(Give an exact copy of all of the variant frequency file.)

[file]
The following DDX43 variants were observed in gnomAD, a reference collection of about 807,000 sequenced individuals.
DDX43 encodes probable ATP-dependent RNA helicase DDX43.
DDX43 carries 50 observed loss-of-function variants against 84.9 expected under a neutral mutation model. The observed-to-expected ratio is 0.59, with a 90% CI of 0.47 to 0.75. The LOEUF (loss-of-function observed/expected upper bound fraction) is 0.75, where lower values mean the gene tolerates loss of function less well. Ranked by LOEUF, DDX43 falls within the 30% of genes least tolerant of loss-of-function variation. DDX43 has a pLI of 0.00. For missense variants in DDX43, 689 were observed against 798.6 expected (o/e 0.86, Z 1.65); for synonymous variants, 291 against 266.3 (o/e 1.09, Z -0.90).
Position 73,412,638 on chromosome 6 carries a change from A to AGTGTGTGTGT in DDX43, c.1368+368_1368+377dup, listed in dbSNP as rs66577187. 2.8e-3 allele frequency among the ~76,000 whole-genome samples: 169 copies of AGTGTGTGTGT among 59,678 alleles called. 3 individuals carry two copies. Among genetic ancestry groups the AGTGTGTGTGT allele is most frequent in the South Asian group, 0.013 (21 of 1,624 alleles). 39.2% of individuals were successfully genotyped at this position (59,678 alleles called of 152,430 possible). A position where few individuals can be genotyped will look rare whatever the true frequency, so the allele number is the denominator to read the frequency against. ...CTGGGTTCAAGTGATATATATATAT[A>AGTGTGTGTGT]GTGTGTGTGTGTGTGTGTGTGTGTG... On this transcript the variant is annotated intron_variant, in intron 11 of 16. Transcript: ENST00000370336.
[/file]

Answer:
The following DDX43 variants were observed in gnomAD, a reference collection of about 807,000 sequenced individuals.
DDX43 encodes probable ATP-dependent RNA helicase DDX43.
DDX43 carries 50 observed loss-of-function variants against 84.9 expected under a neutral mutation model. The observed-to-expected ratio is 0.59, with a 90% CI of 0.47 to 0.75. The LOEUF (loss-of-function observed/expected upper bound fraction) is 0.75, where lower values mean the gene tolerates loss of function less well. Ranked by LOEUF, DDX43 falls within the 30% of genes least tolerant of loss-of-function variation. DDX43 has a pLI of 0.00. For missense variants in DDX43, 689 were observed against 798.6 expected (o/e 0.86, Z 1.65); for synonymous variants, 291 against 266.3 (o/e 1.09, Z -0.90).
Position 73,412,638 on chromosome 6 carries a change from A to AGTGTGTGTGT in DDX43, c.1368+368_1368+377dup, listed in dbSNP as rs66577187. 2.8e-3 allele frequency among the ~76,000 whole-genome samples: 169 copies of AGTGTGTGTGT among 59,678 alleles called. 3 individuals carry two copies. Among genetic ancestry groups the AGTGTGTGTGT allele is most frequent in the South Asian group, 0.013 (21 of 1,624 alleles). 39.2% of individuals were successfully genotyped at this position (59,678 alleles called of 152,430 possible). A position where few individuals can be genotyped will look rare whatever the true frequency, so the allele number is the denominator to read the frequency against. ...CTGGGTTCAAGTGATATATATATAT[A>AGTGTGTGTGT]GTGTGTGTGTGTGTGTGTGTGTGTG... On this transcript the variant is annotated intron_variant, in intron 11 of 16. Transcript: ENST00000370336.